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Sheet Pile Wall Construction

Sheet pile walls are retaining walls constructed to retain earth, water or any other filling materials. These walls are thinner in section compared to masonry walls. Sheet pile walls are generally used for following:

  • Water front structures, i.e. in building wharfs, quays and piers.
  • Building diversion dams, such as cofferdams
  • River bank protection
  • Retaining the sides of cuts made in earth

Sheet pile walls can be of timber, reinforced concrete or steel.

Steel sheet piles are most commonly used. Steel sheet piles possess several advantages over other piles. They are:

  • Steel sheet piles are resistant to high driving stresses
  • They are lighter in section
  • They can be used several times
  • They can be used either below or above water and have long life span
  • Suitable joints can be provided to have a continuous wall
  • The pile length can be increased either by welding or bolting.


Reinforced concrete sheet piles are precast concrete members, usually with a tongue and groove joints. Typical section of the RCC sheet pile is shown in figure below. These piles are relatively heavy and bulky. They displace large volumes of solid during driving. This large volume displacement of soil tends to increase the driving resistance. Due to this reason, suitable reinforcement is provided considering large driving stresses.


Sheet piles are often connected together in pairs and installed using one of three methods:

  • Vibration: this is the most common method. The first sheet pile of the wall is installed into the ground. A vibratory hammer with clamp is attached to the top of the second sheet pile, which is then interlocked with the first sheet pile, and the sheet pile is vibrated into the ground.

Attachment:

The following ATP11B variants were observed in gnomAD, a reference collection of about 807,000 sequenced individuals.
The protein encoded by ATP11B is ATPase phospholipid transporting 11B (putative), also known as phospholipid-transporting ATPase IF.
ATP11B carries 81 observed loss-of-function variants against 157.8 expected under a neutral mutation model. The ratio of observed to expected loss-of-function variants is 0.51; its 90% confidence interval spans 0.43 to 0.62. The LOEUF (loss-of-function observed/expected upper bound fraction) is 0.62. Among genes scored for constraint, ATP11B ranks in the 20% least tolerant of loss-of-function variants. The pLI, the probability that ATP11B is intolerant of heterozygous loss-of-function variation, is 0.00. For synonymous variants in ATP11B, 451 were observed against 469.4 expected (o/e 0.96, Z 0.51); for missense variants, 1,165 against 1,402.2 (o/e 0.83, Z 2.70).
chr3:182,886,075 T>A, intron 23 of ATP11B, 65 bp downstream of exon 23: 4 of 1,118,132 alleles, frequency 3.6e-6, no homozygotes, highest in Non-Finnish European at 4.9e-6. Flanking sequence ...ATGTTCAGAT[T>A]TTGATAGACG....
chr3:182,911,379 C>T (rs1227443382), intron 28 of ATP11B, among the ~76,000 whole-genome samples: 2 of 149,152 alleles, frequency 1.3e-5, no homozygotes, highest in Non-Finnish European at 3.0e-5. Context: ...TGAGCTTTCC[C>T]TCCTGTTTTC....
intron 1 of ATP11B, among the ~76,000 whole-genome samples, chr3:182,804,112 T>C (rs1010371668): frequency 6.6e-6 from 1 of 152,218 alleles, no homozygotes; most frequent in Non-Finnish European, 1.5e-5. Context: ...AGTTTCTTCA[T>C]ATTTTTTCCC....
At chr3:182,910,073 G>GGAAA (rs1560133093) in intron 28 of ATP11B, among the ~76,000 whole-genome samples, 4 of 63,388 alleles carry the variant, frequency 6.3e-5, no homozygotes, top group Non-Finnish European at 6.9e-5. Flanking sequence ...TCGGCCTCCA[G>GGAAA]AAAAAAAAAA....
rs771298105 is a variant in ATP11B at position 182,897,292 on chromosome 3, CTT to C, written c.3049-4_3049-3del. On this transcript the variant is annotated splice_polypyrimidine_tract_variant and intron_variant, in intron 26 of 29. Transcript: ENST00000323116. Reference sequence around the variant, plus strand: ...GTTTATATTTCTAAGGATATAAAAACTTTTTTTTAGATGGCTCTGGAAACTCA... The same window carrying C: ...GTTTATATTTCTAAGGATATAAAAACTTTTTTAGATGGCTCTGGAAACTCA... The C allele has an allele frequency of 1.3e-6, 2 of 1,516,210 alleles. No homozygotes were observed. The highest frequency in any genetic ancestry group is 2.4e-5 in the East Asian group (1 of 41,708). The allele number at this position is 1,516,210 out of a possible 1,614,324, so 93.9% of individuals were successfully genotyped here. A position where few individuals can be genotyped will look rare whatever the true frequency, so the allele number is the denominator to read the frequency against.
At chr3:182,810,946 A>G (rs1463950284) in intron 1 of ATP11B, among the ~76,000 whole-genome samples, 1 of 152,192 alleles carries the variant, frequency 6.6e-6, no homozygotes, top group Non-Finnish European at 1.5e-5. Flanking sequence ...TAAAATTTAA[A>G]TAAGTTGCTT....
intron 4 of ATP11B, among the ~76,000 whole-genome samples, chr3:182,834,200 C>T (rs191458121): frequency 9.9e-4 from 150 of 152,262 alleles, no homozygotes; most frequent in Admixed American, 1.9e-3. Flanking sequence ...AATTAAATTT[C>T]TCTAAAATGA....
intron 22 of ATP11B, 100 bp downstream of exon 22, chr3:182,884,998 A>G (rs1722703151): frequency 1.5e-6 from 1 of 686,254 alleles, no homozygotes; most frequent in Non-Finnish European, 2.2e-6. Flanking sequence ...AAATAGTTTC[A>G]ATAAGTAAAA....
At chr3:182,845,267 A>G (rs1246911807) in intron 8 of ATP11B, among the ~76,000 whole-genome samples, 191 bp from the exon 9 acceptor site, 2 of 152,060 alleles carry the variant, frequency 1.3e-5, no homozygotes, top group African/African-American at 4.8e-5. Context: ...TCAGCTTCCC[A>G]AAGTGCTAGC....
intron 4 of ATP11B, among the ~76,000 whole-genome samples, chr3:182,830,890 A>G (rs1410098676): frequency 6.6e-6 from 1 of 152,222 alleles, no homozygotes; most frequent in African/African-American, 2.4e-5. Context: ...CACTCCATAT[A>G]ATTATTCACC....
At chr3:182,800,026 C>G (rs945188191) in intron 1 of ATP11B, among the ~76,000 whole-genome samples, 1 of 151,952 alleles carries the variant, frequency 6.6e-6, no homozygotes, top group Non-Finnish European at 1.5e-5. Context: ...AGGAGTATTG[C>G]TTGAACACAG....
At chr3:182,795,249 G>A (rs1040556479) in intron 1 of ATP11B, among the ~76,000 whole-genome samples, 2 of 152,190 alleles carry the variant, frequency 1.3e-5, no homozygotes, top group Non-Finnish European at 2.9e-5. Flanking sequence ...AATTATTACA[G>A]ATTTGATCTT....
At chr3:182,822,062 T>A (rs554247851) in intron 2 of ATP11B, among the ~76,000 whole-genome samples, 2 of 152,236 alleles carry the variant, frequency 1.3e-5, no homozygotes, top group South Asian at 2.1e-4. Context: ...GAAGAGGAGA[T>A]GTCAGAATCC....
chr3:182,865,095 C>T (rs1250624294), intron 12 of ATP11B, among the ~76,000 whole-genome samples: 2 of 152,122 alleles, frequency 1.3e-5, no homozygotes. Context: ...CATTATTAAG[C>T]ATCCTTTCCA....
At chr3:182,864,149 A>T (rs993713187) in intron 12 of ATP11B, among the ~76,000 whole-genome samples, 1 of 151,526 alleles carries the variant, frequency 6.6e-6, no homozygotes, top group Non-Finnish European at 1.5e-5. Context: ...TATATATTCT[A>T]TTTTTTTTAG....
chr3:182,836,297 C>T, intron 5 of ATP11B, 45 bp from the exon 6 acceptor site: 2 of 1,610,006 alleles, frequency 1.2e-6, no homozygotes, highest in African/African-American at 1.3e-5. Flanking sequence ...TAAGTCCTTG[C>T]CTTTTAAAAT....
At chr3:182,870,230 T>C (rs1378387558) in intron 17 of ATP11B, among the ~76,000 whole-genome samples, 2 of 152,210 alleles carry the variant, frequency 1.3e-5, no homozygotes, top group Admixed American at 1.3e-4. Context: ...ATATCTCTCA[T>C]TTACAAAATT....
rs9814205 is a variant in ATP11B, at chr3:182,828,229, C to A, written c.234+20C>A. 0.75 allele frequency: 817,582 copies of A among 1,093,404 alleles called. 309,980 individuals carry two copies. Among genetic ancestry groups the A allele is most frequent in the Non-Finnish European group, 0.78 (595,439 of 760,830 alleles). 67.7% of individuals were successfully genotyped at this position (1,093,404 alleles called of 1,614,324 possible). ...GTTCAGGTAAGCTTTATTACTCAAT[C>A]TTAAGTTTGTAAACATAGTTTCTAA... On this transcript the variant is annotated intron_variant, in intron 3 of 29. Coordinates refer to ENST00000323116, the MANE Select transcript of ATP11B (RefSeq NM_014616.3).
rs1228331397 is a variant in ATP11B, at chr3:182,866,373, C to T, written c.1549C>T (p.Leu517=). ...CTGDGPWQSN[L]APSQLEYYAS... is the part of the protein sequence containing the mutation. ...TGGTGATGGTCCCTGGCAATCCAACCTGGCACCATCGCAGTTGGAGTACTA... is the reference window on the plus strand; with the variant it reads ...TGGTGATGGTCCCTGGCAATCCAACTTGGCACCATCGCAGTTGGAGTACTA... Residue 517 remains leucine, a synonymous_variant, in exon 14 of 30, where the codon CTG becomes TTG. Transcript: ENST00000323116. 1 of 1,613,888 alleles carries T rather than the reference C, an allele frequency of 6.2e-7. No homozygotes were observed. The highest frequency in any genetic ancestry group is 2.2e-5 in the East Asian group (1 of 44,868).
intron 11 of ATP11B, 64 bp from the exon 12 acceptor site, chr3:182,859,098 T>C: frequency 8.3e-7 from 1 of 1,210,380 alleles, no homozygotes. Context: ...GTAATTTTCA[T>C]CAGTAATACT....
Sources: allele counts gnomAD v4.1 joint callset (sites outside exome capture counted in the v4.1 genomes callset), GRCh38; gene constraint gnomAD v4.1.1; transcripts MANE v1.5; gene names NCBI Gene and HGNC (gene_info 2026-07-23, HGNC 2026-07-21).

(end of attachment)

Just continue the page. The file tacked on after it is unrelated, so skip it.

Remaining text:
• Pressing: sheet piles can also be pressed into the ground when noise hindrance and vibration would otherwise cause problems. This, however, takes longer and is expensive. The sheet piles are pressed into the ground by a hydraulic machine.
  • Excavation: sheet piles can also be excavated into the soil. A long trench is excavated which is then filled with cement bentonite (a thin concrete slurry) to prevent the walls from collapsing. The sheet piles are then installed in the trench and the cement bentonite is allowed to set

Steel sheet piling is the most common because of several advantages over other materials:

  • Provides high resistance to driving stresses.
  • Light weight
  • Can be reused on several projects.
  • Long service life above or below water with modest protection.
  • Easy to adapt the pile length by either welding or bolting
  • Joints are less apt to deform during driving.

Sheet pile wall disadvantages are:

  • Sections can rarely be used as part of the permanent structure.
  • Installation of sheet piles is difficult in soils with boulders or cobbles. In such cases, the desired wall depths may not be reached.
  • Excavation shapes are dictated by the sheet pile section and interlocking elements.
  • Sheet pile driving may cause neighborhood distrurbace
  • Settlements in adjacent properties may take place due to installation vibrations

Some Shapes of Sheet Pile






Construction of Sheet Pile wall





Source: bnft.nl, theconstructor.org, deepexcavation.com